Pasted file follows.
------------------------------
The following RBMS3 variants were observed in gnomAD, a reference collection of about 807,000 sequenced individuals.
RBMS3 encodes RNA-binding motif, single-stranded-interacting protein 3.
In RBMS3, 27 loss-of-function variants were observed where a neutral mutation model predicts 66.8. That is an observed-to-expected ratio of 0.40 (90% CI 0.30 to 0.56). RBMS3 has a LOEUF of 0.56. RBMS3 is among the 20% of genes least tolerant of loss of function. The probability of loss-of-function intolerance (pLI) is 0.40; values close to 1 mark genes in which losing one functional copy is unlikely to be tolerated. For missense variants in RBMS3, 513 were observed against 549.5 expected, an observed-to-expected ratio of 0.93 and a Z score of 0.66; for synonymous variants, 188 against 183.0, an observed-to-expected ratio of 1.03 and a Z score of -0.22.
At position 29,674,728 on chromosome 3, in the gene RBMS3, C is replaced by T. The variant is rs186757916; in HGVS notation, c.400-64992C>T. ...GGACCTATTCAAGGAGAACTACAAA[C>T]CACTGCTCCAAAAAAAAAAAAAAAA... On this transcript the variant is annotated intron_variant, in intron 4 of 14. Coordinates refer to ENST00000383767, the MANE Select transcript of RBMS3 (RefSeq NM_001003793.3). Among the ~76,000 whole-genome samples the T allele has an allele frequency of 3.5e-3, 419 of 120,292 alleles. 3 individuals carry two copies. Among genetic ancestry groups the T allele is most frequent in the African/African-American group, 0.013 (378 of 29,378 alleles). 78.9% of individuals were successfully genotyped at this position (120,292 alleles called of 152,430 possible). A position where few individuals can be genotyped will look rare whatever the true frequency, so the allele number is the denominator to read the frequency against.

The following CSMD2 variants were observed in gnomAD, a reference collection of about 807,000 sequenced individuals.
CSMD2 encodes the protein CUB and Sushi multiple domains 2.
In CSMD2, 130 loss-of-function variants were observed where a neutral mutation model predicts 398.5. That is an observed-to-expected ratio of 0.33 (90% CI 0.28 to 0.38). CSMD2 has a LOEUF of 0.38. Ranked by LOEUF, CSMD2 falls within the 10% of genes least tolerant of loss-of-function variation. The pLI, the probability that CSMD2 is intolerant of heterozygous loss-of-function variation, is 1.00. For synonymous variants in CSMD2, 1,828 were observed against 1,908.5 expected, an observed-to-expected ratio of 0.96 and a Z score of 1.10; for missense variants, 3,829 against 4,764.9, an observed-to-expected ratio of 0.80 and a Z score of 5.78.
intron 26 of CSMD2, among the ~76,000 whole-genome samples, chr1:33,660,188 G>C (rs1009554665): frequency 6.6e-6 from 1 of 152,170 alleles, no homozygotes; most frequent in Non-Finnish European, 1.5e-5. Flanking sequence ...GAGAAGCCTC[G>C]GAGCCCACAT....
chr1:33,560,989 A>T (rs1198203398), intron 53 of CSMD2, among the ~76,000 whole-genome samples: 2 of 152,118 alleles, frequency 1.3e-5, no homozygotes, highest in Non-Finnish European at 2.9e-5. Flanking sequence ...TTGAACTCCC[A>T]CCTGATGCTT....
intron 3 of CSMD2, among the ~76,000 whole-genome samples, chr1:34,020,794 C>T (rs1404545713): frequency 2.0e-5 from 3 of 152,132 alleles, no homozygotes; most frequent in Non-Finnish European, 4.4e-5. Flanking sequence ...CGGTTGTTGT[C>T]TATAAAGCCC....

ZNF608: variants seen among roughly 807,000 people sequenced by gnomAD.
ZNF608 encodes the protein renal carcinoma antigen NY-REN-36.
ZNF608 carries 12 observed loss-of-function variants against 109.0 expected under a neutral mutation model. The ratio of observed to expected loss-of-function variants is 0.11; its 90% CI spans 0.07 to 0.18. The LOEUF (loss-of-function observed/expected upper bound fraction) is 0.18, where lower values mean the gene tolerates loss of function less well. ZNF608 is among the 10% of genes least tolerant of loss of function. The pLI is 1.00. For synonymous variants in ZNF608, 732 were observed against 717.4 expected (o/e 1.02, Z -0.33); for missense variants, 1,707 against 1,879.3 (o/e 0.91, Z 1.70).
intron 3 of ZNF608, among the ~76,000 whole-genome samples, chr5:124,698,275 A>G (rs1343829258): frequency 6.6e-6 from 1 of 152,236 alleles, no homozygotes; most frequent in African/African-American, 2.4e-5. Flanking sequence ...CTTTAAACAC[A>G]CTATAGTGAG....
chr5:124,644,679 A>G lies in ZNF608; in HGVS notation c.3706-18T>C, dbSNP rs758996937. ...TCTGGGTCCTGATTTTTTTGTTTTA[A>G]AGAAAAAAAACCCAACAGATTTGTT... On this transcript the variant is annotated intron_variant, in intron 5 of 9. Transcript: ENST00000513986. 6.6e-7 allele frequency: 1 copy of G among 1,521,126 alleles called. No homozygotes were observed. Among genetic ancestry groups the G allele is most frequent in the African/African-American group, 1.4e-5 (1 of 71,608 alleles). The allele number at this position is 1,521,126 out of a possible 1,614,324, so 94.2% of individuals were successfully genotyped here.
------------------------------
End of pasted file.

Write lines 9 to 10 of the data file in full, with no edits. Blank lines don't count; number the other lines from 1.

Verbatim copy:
chr1:33,560,989 A>T (rs1198203398), intron 53 of CSMD2, among the ~76,000 whole-genome samples: 2 of 152,118 alleles, frequency 1.3e-5, no homozygotes, highest in Non-Finnish European at 2.9e-5. Flanking sequence ...TTGAACTCCC[A>T]CCTGATGCTT....
intron 3 of CSMD2, among the ~76,000 whole-genome samples, chr1:34,020,794 C>T (rs1404545713): frequency 2.0e-5 from 3 of 152,132 alleles, no homozygotes; most frequent in Non-Finnish European, 4.4e-5. Flanking sequence ...CGGTTGTTGT[C>T]TATAAAGCCC....